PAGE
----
Sunday, September 04, 2005

"Nobody told me there'd be days like these"

An acquaintance and I were talking over coffee about -- what else -- the hurricane, and she said, "You know, from all that's happening, I just have to believe that Jesus is coming back soon."

I reminded her that starvation and violence and catastrophe have happened every day, somewhere on the planet, since the beginning of time. This evening, I heard on the news that a typhoon hit China this week and displaced one million people. They just had their own Katrina, but it was barely a blip on our radar screen.

With all due respect to my friend (who conceded that I had a point), I get annoyed with the hubris of American Christianity and its assumption that catastrophe here is a herald of the Tribulation but catastrophe elsewhere is just business as usual. What, God is going to spare America from the machinations of nature and the forces of evil until the clock is about to run out?

Like everyone else who believes in historic, orthodox Christianity, I concur that Jesus Christ "sitteth upon the right hand of God the Father Almighty, from whence he shall come to judge the quick and the dead." Beyond that, I part ways with many of my evangelical compatriots.

Beginning with Hal Lindsey's Late Great Planet Earth in the 1970s and most recently with the Left Behind series, evangelical end-times theology has centered around America as a sort of final staging ground of the end of days. In other words, it'll get bad here before the Tribulation, then we'll all disappear before the really, REALLY bad stuff starts happening.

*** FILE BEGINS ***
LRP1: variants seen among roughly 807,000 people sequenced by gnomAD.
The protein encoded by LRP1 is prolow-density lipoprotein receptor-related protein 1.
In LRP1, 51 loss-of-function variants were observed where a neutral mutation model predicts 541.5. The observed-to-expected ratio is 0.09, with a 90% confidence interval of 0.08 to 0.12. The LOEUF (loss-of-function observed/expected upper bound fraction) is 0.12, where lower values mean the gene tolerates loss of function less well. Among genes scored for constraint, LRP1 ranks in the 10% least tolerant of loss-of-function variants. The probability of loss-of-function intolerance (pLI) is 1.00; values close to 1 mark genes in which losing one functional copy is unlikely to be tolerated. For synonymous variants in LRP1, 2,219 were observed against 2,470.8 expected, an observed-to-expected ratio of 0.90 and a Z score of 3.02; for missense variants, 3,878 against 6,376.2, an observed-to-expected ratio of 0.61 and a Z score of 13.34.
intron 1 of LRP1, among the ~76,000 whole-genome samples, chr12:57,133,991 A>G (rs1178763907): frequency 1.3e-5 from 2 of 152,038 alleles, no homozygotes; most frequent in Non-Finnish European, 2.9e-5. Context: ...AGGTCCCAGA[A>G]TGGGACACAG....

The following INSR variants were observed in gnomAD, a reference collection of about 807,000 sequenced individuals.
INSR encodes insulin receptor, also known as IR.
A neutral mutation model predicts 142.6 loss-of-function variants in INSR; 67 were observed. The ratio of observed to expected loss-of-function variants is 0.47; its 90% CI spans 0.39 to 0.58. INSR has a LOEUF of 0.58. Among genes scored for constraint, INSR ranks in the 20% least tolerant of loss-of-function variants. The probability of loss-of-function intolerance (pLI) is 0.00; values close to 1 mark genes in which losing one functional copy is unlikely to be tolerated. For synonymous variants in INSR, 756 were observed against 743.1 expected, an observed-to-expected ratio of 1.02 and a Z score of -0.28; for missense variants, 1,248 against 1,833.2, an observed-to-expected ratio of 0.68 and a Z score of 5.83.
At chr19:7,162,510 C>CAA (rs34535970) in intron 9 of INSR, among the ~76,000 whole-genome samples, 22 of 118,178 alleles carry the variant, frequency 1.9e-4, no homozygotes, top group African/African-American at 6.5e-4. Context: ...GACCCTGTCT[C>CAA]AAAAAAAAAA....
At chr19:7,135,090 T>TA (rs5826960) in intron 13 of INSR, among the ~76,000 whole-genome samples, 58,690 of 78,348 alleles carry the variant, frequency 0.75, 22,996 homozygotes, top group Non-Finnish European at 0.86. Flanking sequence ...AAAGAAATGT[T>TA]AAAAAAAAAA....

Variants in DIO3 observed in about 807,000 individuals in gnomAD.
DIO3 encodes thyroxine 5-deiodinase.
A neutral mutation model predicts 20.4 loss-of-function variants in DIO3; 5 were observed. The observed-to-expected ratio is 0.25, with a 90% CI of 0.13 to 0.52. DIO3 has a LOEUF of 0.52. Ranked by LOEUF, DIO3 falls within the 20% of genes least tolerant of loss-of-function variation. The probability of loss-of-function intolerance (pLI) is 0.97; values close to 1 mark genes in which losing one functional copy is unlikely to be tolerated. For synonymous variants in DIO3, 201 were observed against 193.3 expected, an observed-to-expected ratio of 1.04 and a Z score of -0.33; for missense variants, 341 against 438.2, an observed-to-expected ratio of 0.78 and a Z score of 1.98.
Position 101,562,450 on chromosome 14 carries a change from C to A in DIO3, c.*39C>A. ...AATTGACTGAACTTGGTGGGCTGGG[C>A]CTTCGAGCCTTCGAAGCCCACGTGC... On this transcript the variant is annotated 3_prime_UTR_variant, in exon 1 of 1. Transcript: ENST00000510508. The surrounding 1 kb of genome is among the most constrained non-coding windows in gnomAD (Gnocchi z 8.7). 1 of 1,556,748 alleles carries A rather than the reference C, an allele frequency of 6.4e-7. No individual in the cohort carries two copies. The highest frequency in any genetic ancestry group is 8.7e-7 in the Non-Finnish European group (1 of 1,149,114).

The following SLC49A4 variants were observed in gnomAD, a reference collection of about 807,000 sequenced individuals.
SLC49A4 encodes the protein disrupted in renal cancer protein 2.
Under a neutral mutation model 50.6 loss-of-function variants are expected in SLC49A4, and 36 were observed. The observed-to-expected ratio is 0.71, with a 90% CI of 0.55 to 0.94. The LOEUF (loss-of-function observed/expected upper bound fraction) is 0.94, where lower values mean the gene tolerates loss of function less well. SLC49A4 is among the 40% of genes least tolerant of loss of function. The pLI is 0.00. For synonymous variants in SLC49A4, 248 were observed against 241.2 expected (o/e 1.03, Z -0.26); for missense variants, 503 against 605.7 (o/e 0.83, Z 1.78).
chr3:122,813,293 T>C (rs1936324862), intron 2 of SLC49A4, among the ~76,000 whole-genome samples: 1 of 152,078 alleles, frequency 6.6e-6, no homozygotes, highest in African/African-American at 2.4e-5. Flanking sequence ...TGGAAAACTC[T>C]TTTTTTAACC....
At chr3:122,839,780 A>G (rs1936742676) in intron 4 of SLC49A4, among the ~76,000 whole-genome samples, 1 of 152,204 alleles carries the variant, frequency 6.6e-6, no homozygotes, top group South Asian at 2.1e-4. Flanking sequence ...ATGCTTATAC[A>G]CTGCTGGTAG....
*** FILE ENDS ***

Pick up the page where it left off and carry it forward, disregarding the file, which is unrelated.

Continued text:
Tell that to the Christians in China. Or North Korea. Or Sudan. Or just Google "persecution against Christians" to find some stories that'll give you nightmares.

Now, Lindsey has a Web site called "Hal Lindsey" Oracle. What, he's a prophet? Does this bother anyone else besides me? Lindsey has been predicting for nearly 40 years that the return of Christ is imminent, and I mean within-the-next-five-to-ten-years imminent. I wonder how many people made professions of faith based on that spurious (and now, obviously discounted) claim and have since drifted away.

(Oh ... Lindsey's site also features a collection of silly and trivial "witnessing" mugs and T-shirts, including one that shows John 3:16 and the words "FIRE INSURANCE." Makes me want to hurl.)

I'd rather take the position that my own pastor did this morning: Hurricane Katrina is just the latest in a long line of evidence that we live in a fallen world. When catastrophe gives birth to depravity and death, we really shouldn't be surprised. Appalled, yes. Compassionate, yes. But surprised?

When Christ warned about "wars and rumors of war" and natural disasters, I think he was saying that this would be the condition of the world until he returned.

And no one is exempt.